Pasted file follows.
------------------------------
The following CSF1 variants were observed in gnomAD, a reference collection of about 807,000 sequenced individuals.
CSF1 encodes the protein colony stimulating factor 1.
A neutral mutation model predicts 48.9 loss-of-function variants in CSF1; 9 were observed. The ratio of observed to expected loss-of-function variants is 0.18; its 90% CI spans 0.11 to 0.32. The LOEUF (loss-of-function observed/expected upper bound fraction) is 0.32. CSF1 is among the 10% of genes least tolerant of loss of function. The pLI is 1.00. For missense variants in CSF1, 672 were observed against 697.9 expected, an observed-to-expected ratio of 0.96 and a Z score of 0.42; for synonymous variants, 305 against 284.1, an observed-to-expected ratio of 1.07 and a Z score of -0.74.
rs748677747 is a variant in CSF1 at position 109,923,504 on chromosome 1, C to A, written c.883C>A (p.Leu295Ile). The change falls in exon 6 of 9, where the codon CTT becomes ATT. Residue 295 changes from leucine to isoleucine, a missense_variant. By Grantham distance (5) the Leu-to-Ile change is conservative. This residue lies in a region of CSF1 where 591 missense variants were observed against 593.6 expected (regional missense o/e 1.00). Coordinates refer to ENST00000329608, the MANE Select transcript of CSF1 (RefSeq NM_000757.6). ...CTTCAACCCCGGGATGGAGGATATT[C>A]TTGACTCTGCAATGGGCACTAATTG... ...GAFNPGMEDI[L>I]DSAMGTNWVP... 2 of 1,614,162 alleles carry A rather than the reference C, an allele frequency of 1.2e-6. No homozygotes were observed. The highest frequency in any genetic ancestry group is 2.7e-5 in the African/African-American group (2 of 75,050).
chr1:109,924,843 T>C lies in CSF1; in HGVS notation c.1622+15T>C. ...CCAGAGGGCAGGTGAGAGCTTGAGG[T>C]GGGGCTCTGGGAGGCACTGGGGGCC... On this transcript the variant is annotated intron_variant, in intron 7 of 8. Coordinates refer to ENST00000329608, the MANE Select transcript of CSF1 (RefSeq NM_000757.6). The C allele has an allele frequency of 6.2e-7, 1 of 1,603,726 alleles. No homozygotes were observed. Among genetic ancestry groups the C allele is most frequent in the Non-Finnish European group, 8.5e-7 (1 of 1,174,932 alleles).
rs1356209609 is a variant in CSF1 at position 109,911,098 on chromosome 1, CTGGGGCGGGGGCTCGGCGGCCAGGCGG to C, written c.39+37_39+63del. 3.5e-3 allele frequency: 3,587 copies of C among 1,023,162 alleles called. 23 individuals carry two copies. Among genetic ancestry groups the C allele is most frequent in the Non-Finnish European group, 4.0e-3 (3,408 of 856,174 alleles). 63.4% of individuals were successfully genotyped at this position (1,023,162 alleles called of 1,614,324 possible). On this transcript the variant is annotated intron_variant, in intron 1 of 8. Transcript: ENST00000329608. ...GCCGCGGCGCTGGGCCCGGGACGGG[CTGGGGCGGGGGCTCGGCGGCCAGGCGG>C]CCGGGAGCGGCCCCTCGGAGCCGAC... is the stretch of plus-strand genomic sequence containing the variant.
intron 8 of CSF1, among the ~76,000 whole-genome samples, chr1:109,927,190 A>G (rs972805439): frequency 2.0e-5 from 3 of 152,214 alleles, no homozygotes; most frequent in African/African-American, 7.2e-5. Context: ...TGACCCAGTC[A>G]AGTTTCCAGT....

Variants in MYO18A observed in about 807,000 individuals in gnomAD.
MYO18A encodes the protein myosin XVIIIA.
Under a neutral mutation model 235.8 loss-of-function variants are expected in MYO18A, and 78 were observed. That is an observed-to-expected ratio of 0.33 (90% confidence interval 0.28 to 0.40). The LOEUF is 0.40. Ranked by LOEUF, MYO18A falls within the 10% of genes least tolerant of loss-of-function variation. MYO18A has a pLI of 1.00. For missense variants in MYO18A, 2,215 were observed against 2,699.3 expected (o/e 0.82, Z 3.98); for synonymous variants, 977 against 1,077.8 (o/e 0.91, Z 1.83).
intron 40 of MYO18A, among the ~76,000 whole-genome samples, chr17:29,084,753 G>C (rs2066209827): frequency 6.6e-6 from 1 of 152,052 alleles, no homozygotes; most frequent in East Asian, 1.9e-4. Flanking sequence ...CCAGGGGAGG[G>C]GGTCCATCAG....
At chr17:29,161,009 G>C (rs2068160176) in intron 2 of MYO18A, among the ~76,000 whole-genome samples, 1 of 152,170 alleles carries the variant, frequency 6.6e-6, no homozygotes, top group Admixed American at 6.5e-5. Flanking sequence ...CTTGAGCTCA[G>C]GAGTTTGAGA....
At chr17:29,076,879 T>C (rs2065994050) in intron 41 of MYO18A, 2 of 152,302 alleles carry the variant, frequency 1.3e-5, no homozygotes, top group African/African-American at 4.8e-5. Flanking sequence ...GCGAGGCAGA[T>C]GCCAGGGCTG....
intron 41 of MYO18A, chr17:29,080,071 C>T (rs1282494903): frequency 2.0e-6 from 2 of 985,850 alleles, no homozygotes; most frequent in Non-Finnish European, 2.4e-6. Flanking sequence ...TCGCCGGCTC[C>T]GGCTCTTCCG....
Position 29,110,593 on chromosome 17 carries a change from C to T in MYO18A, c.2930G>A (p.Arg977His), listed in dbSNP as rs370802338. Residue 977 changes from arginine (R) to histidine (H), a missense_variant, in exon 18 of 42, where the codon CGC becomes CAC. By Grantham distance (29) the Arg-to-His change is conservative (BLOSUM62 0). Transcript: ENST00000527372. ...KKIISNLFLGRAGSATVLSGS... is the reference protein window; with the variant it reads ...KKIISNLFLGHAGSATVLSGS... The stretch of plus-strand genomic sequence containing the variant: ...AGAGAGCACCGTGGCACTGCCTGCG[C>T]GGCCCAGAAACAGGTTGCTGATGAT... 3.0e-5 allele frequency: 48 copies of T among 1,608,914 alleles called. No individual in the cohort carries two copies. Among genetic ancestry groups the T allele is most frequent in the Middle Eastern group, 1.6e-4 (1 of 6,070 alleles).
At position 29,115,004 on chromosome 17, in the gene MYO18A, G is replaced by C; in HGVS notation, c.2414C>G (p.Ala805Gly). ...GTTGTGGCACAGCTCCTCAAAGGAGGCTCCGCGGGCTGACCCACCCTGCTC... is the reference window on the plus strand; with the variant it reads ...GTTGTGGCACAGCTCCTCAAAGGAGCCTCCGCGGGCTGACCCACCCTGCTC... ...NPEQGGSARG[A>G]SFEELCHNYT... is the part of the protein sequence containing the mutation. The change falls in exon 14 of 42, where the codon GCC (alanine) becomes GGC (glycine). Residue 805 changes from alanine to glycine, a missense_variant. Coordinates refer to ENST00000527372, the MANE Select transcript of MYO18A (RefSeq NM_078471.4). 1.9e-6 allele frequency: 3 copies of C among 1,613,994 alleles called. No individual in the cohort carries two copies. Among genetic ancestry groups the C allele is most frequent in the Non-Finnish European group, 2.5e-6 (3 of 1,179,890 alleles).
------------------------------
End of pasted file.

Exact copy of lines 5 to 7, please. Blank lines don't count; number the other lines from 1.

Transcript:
chr1:109,924,843 T>C lies in CSF1; in HGVS notation c.1622+15T>C. ...CCAGAGGGCAGGTGAGAGCTTGAGG[T>C]GGGGCTCTGGGAGGCACTGGGGGCC... On this transcript the variant is annotated intron_variant, in intron 7 of 8. Coordinates refer to ENST00000329608, the MANE Select transcript of CSF1 (RefSeq NM_000757.6). The C allele has an allele frequency of 6.2e-7, 1 of 1,603,726 alleles. No homozygotes were observed. Among genetic ancestry groups the C allele is most frequent in the Non-Finnish European group, 8.5e-7 (1 of 1,174,932 alleles).
rs1356209609 is a variant in CSF1 at position 109,911,098 on chromosome 1, CTGGGGCGGGGGCTCGGCGGCCAGGCGG to C, written c.39+37_39+63del. 3.5e-3 allele frequency: 3,587 copies of C among 1,023,162 alleles called. 23 individuals carry two copies. Among genetic ancestry groups the C allele is most frequent in the Non-Finnish European group, 4.0e-3 (3,408 of 856,174 alleles). 63.4% of individuals were successfully genotyped at this position (1,023,162 alleles called of 1,614,324 possible). On this transcript the variant is annotated intron_variant, in intron 1 of 8. Transcript: ENST00000329608. ...GCCGCGGCGCTGGGCCCGGGACGGG[CTGGGGCGGGGGCTCGGCGGCCAGGCGG>C]CCGGGAGCGGCCCCTCGGAGCCGAC... is the stretch of plus-strand genomic sequence containing the variant.
intron 8 of CSF1, among the ~76,000 whole-genome samples, chr1:109,927,190 A>G (rs972805439): frequency 2.0e-5 from 3 of 152,214 alleles, no homozygotes; most frequent in African/African-American, 7.2e-5. Context: ...TGACCCAGTC[A>G]AGTTTCCAGT....